If you've been paying attention to the food circulars lately you already know that grocers are jumping on the band wagon these days in a concerted effort to get your attention fixed on organic products. Retailers like Giant Food, Kash n' Karry, Publix, Albertsons even embattled Winn Dixie have recently began touting 'organic' and putting in place special selections of organic produce, canned goods, pantry, dairy and meat items all proclaimed USDA Organic Certified. But at what cost and how can you, the consumer, be certain that the benefits justify the increased cost for you and your family.

Organic labeling guarantees that certain conventions are maintained in the production and processing of consumable agricultural goods, conventions that specify: restrictions for beef, pork and poultry producers that prohibit the use of antibiotics and allow only organically grown feed, composting, and organic fertilizers. Crop rotation methods that enhance the soil but reduce in the short term a farmer's cash crop production are also mandated by the seal. These restrictions add to the cost up the chain beginning with the producer - the farm - and continue on to the wholesale and ultimately the retail level where they are passed directly to the consumer.

We checked 3 national chain grocers this week and found these relative* costs for 12 items labeled organic versus non organic. The value averaged totals are as follows.
organicnon organic
1 pound fresh shrimp**8.999.99
1 pound vine ripe tomatos2.322.19
1 dozen eggs2.991.79
1 24 ounce loaf whole wheat bread2.992.09
1 27 ounce multigrain cereal3.292.79
1 64 ounce apple juice2.291.79
1 5 ounce bag salad mixed greens2.992.39
14.5 ounce can soup various varieties2.191.89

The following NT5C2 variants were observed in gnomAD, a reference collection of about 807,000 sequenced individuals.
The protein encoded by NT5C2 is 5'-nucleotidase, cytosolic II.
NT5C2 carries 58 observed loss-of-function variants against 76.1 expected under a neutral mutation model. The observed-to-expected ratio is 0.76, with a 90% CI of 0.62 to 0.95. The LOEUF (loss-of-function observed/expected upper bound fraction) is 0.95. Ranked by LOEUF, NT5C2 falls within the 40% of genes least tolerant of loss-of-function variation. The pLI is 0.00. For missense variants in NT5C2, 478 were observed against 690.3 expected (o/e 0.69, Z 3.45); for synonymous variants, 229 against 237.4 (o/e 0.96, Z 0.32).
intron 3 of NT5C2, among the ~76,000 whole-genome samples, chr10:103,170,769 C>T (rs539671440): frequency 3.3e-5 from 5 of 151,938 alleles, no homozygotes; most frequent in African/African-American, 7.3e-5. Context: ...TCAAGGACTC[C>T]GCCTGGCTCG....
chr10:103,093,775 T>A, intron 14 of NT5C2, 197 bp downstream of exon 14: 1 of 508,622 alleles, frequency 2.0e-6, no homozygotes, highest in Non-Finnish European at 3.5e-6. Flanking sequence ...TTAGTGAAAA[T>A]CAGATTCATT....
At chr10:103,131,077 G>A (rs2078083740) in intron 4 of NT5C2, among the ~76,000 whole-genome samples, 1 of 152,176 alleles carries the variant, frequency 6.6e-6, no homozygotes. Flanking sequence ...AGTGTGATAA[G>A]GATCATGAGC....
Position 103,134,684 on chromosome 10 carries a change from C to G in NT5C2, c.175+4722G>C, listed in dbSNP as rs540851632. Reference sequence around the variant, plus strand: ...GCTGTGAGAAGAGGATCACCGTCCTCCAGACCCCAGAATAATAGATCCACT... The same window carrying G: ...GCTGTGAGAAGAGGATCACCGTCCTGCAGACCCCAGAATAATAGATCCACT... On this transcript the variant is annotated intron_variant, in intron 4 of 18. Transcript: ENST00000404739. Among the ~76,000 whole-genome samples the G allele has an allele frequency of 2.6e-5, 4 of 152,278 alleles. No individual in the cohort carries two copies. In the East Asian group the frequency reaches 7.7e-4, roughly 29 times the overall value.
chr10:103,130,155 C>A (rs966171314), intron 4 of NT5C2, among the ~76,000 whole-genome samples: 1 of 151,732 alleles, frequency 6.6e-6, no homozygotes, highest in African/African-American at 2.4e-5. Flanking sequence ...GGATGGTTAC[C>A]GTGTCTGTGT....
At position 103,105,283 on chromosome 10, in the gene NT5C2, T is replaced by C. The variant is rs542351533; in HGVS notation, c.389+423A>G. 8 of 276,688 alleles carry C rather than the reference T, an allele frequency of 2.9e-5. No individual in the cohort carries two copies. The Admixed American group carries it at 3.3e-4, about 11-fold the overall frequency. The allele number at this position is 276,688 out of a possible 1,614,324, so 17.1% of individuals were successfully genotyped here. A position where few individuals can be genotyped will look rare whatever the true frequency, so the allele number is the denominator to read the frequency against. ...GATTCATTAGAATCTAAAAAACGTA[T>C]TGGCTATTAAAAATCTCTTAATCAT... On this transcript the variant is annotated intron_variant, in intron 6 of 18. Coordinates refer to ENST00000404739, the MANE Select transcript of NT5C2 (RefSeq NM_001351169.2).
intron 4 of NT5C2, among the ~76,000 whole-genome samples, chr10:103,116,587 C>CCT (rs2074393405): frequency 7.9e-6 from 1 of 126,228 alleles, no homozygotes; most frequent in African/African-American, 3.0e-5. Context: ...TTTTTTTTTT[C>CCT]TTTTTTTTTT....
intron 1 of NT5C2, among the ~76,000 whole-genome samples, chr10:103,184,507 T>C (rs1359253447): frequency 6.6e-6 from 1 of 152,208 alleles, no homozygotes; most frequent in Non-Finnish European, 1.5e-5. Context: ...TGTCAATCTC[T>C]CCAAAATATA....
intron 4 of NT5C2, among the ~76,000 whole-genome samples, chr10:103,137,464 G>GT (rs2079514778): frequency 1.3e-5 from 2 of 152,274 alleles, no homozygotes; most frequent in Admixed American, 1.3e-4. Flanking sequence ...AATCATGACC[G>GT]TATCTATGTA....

16.3 ounce bottle pasta sauce2.392.69
1 14 ounce long grain brown rice1.191.59
1 15.25 ounce can corn.99.78
1 5 pound bag bread flour2.392.89

The difference amounts to roughly a 6% increase to the cost of organic foods over non-organic.

*note - we disregarded sale pricing in both categories at all 3 chains

**note - organic sea food, meat, fowl and dairy products cannot be verified nor compared to soy substitute products in the same category because the source of protein in each, although of similar quality, is based on entirely different organic standards.

Anytime the car won't fit in the garage is a good time to consider recycling. But, as often happens, this becomes a real chore; finding a recycling station or paying extra fees to have the items picked up and taken to a landfill and then sorting it beforehand, better to just leave the family car out in the elements another week. Or, why not consider donate and recycle, the green solution to freeing up garage space, making your life easier and going easy on the environment all at the same time.

We've compiled a list of alternatives to a trip to the dump for nearly everything you want to get rid of - make that recycle. From electronics to toys, unwanted clothing , furniture, even spent batteries, half used cleaning products and paint that may no longer be safe around your home, we'll show you ways to recycle it all.

Some of these resources are community run such as local recyling days or regular pick ups by a recycle center. Others are privately operated and will gladly pick up items which are no longer wanted by the homeowner, sometimes for a fee and sometimes free of charge depending on the type of items you have. Still others are operated by charitable organizations and benefit a particular charity, cause or association.

Any of these options can benefit your community in many ways. By recycling some still useful item you have made an economic contribution to the community, preserved valuable space in local landfill and provided incentives for industry and jobs in your area.

So the next time you want to lighten the load around your home think of recycling first, its the Greener thing to do.

Check our resources page Green Market for recycling information in your community. We'll maintain this page and update it as new resources becomes available. If you know of a recycle resource in your community send it to us. We'll tell everybody and give you the "Greener" credit.

Please recycle this Newsletter to a friend